Humanities events to discuss Rosemary Clooney, Civil War

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By The Staff

The Kentucky Humanities Program announces two more program to be held on the second Thursday of March and April, according to a news release.
All programs are free and held from 7-8 p.m., with the public invited to attend.
The Kentucky Humanities Chautauqua program will present “Rosemary Clooney-A Sentimental Journey” on March 13 at the Anderson Senior Center, event organizers said.
Clooney will be portrayed by Bet Stewart, Artistic Director for Intuition Theatre in Cincinnati, Ohio.
“What makes Rosemary Clooney’s life so fascinating, so charmed and charged with intrigue and great challenge?” event organizers asked in the release. “First and foremost, it is the sheer power of her talent, her girl-next-girl appeal, her love of music, art and drama, and her love for her home state of Kentucky. But behind this small-town-girl- rises-to-fame story is also one of extraordinary perseverance and dedication. A story that teaches that it is possible to overcome the worst to become the best.”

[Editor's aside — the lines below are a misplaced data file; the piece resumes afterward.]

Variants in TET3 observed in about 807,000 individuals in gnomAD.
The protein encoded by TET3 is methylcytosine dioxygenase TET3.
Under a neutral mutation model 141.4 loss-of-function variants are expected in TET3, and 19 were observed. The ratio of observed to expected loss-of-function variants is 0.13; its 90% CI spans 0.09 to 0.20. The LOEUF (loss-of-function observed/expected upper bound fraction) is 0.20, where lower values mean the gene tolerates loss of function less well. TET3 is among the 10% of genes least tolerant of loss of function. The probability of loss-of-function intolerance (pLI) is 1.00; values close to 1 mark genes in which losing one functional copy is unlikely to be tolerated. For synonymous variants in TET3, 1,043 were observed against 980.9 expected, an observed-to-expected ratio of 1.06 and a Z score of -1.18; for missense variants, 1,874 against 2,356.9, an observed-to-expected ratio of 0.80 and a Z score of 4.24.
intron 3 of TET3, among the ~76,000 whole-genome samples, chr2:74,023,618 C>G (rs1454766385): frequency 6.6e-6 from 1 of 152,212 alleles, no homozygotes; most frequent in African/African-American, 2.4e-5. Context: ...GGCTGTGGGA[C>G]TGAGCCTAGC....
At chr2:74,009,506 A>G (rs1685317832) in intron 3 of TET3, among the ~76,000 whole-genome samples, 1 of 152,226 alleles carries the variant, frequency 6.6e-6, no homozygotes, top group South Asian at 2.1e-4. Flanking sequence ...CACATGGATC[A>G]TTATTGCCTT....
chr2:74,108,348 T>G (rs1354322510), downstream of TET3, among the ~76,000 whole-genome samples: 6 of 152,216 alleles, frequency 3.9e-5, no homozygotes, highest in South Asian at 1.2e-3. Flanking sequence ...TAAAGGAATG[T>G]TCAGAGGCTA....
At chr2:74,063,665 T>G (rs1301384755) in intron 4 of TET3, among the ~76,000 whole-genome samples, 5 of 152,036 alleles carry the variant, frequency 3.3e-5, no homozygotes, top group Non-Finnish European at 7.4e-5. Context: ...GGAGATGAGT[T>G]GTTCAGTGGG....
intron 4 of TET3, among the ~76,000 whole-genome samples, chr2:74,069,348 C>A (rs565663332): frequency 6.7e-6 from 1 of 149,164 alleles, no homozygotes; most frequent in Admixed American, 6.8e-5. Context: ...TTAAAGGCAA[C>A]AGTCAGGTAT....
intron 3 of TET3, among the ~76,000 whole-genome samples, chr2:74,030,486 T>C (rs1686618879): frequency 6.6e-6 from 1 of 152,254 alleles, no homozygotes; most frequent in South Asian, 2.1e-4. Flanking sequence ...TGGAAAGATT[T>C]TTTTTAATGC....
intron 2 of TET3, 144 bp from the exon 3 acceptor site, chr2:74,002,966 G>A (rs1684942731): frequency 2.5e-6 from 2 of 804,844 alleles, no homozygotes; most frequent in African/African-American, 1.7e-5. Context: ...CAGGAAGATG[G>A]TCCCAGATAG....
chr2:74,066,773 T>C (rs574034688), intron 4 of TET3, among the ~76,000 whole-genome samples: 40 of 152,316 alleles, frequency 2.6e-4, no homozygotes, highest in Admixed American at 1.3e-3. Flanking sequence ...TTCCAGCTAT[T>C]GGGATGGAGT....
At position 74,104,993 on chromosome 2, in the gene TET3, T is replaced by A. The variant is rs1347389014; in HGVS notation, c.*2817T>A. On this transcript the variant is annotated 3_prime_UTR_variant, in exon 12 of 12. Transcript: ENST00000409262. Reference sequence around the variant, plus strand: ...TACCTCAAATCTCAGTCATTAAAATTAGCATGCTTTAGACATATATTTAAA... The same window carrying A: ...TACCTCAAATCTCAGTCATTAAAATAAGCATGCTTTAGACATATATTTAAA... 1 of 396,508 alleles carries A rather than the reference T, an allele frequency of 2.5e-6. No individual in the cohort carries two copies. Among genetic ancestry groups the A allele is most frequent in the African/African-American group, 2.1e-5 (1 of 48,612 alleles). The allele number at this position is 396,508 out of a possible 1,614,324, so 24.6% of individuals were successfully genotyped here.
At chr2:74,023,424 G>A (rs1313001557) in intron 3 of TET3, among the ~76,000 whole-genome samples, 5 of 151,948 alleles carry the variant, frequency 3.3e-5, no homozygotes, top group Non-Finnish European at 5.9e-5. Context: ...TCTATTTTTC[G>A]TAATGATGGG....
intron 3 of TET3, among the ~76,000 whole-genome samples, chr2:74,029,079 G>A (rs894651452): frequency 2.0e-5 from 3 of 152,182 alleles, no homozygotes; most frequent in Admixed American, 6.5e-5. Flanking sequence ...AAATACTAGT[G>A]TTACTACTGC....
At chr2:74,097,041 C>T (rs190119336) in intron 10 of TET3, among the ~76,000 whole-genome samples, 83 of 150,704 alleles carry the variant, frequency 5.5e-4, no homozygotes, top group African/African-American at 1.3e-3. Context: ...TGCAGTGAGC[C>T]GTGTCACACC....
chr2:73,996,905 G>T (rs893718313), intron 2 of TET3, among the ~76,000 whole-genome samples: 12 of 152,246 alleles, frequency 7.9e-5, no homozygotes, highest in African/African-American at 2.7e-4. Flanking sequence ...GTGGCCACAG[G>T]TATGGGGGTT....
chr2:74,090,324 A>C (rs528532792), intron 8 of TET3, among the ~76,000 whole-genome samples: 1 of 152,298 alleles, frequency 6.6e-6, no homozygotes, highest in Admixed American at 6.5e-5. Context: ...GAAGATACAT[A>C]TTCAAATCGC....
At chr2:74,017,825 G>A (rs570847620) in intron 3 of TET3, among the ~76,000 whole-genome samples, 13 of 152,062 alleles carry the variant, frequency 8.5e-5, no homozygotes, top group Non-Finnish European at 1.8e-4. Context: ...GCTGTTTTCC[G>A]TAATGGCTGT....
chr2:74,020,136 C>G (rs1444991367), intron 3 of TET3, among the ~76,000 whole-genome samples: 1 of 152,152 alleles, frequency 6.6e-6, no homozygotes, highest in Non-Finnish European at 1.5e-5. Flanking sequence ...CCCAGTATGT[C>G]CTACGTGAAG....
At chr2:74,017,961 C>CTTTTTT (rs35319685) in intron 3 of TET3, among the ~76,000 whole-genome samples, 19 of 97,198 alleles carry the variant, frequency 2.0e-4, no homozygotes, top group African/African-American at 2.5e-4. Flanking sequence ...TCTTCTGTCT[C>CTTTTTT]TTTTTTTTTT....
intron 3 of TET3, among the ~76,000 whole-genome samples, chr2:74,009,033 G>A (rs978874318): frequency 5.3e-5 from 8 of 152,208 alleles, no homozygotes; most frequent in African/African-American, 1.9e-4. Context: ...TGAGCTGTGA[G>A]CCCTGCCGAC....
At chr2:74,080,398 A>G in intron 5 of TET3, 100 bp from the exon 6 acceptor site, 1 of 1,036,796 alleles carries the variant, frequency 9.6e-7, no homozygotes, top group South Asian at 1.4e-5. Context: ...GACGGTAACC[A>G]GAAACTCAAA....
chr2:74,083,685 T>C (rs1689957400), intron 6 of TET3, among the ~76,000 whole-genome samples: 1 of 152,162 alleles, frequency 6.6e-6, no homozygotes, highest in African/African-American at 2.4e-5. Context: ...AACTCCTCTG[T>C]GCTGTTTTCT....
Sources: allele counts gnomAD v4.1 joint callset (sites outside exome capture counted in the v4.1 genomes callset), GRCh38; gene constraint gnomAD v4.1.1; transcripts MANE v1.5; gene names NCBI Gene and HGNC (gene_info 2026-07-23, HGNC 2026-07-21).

The Humanities Council will also be offering the program “Between North and South: Kentucky Horses and the Civil War” on April 10 at the Anderson Public Library.
“Between North and South: Kentucky Horses and the Civil War” will be presented by Mary Jean Wall, Kentucky author.  
“Abraham Lincoln said, ‘I hope to have God on my side, but I must have Kentucky.’ Many others engaged in the Civil War felt the same way about Kentucky horses. Soldiers, guerrillas, and outlaws prized Kentucky horses for their speed, endurance, and agility in battle,” event organizers said. “They raided Bluegrass farms with impunity and on one occasion, rode off with arguably the best racehorses in America.
“This talk covers a wide range of matters ‘equine’ relating to Kentucky Thoroughbreds, trotters, and saddlers during the war and the Bluegrass farms they came from. The talk also covers racing which took place in Kentucky and in the North during the war years and how the horse auctions in Kentucky were negatively affected by the war.”